before the quakes you could get a modest little place for 45,000 E or a grand palazzo all renovated for half a million. Now, however, I think that if there are any residential properties not damaged the owners will be holding on to them for dear life. 75% of the housing stock in the area is “inagibile” which means too damaged to be used. A good deal of it that doesn’t look too bad has hidden structural damage and will have to be bulldozed. All the rest is collapsed completely.

  2. Magdalene says:

    I also knew very early on that things were not as they should be. I ordered the first encyclical, said to be partly written by Pope Benedict, but never read it and through it out. I do not want to read anything from this pope! The stuff I see online is bad enough! Then he started the persecution of the Franciscans of the Immaculate with their holy charism and deposed their holy founder. Soon he would close their seminary. Recently he said why: because he ‘worries’ (hates) those ‘restorationist’ order that go for prayer, penance, and asceticism….you know, the stuff of saints. Then the name calling started. Then the heresy and ambiguity….

    I have a friend who wants to enter a traditional order but the Vatican said they cannot accept vocations. She wants to come to Italy and live the charism. She can stay with various convents as a discerner. But perhaps this very holy young lady might also be someone you would enjoy knowing.

  3. John says:

    I’m curious – on average what is the cost to purchase a modest stone house in and around Norcia?

  4. Hilary White says:

    Not in a position to build a house of any design. And planning permission in Umbria for anything other than “traditional” stone houses is nearly impossible to get, even if I did own land. Right now I’ll be going back to my house.

  5. Felix M says:

    Shortly after he was elected, he broke the Canon Law on washing lay men’s feet at the Holy Thursday.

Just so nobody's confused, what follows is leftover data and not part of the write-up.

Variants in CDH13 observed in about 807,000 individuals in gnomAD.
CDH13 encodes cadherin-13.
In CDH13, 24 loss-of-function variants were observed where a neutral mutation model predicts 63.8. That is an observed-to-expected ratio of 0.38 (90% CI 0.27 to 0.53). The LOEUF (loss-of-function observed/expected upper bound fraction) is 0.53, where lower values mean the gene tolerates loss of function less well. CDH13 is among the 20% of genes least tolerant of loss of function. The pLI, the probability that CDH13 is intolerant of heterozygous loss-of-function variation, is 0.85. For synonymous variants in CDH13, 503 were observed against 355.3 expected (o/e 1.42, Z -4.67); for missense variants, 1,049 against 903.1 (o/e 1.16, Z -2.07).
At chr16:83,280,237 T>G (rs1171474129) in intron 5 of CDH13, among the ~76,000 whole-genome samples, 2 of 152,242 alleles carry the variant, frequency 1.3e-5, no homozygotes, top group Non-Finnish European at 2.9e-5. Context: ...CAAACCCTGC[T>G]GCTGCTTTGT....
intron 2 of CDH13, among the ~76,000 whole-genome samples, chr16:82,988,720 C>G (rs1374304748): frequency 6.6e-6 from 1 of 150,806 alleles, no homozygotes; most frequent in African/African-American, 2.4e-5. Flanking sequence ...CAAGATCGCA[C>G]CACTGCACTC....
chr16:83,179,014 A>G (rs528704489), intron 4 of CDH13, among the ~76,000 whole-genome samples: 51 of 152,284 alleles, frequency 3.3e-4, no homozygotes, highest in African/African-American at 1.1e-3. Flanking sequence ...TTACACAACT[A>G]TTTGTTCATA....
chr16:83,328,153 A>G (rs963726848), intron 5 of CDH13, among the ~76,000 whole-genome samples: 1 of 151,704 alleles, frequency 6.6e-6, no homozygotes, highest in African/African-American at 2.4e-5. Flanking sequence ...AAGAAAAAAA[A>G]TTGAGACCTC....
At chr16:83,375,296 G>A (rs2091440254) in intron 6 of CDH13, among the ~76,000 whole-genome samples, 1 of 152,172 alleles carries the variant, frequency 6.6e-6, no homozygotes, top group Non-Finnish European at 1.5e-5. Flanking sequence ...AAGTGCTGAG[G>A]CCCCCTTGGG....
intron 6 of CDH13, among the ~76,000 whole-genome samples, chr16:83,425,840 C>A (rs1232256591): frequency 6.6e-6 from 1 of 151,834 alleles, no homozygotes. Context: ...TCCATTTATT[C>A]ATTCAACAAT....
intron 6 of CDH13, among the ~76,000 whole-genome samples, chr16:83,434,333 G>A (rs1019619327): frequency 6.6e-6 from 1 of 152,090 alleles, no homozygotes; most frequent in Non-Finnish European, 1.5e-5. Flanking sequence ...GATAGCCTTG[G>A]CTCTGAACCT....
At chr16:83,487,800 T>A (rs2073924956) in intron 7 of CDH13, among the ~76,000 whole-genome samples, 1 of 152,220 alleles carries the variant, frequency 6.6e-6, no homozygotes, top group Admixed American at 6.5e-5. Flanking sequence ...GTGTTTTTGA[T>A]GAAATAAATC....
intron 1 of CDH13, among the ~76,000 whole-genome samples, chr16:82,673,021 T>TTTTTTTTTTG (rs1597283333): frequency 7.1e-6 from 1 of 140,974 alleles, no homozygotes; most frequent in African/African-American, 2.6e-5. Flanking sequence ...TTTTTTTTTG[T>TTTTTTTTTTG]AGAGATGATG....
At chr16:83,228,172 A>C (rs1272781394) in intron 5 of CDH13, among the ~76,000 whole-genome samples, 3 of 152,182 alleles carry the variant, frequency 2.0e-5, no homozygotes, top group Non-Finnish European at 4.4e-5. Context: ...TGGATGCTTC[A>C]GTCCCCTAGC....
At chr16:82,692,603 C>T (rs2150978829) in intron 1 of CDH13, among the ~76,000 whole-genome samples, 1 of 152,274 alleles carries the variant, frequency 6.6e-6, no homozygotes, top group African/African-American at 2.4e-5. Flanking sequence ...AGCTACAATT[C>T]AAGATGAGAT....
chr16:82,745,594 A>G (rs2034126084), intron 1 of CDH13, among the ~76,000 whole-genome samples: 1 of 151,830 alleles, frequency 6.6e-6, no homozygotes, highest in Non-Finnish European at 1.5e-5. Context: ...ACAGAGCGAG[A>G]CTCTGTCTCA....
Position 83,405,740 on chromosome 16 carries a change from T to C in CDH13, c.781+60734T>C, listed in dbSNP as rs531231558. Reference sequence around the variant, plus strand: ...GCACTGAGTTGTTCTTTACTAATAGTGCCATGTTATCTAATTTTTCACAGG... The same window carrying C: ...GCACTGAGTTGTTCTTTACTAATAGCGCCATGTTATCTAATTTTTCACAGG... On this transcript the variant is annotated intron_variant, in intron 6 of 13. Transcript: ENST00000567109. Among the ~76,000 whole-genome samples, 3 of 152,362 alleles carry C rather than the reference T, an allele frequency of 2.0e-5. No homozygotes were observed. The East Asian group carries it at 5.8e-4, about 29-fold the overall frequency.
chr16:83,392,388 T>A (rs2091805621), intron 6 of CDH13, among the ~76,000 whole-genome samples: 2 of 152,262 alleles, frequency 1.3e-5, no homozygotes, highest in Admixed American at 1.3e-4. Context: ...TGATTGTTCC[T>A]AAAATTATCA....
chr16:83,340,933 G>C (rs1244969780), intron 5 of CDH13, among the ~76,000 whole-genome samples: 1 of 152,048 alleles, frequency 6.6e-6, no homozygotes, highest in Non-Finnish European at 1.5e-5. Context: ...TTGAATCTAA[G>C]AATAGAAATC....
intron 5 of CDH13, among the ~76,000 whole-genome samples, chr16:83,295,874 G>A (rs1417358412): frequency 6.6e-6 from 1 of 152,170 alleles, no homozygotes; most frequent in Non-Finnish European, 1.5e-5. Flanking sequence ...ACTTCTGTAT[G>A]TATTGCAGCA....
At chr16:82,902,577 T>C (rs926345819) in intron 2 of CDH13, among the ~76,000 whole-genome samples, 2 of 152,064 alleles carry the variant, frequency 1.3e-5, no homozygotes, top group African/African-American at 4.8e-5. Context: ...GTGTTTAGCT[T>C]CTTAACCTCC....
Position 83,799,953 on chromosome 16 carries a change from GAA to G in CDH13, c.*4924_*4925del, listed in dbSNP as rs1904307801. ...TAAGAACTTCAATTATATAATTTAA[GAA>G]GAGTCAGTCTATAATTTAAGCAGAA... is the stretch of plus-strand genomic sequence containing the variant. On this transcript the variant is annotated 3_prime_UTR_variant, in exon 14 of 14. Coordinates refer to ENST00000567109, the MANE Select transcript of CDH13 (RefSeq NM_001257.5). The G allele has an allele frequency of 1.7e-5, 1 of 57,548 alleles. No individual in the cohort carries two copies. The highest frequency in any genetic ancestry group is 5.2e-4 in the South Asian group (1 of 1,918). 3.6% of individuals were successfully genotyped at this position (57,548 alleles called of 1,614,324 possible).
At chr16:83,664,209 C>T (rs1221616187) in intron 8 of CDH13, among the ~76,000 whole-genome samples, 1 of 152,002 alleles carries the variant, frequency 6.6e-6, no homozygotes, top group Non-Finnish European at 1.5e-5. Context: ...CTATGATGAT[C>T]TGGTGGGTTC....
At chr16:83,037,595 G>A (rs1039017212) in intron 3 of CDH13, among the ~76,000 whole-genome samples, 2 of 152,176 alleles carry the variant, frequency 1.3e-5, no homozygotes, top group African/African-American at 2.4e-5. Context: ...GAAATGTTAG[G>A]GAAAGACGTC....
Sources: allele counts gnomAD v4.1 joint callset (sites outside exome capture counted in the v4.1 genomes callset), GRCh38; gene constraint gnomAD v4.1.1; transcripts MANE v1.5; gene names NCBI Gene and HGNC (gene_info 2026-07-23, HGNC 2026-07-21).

Then I realized he is yet another wilful and rebellious cleric.

  6. Janet Wilkie says:

    You might look at A-frame designs. They are cheap to build, and as structural triangles, extremely resistant to being shaken around. They can also be built with vertical side walls, but with the A framing extending to the ground, somewhat like a flying buttress. They can be quite beautiful, and can be connected with smaller A-corridors as a community grows.

    Bob Vila (of This Old House) has some nice ones. Well, some of them are nice. One is absolutely adorable. They do not have to look 1960’s. The shape naturally lends itself to a soaring chapel feeling, even in a small house. It also sheds snow and rain very well. The steeper the roof, the longer it lasts, other things being equal.

    Make absolutely sure that you build on solid rock, not on dirt. Dirt amplifies shock waves. The higher up you go, the more likely that the rock will be closer to the surface. Dirt erodes downhill. You have some nice, flattish hilltops around you, but I don’t know if they are near the monks.

    The internal bracing should be triangular too. This is important; it adds incredible strength, as well as stunning visual beauty. You will need an architect, but its not fancy design. Once you have one, others can use the same plan.

    It seems like you are starting the beguinage you had written about some time ago.

    You might want to pass the A-frame idea on to the monks. I think we are in for a lot more earthquakes.

  7. Tom Miller says:

    I would like to contribute also visit how to proceed?

  8. Linda says:

    One of your finest.
    Most excellent Narnia allusions.

    You’re going home.

  9. Long-Skirts says:

    “How did you know so quickly that Bergoglio was going to be such a disaster?”

    As soon as they announced that he was a Jesuit, I thought, “Oh, Lort!!”

  10. Fuquaysteve says:

    Well done…I will help as I can.

  11. louiseyvette says:

    God bless your endeavours!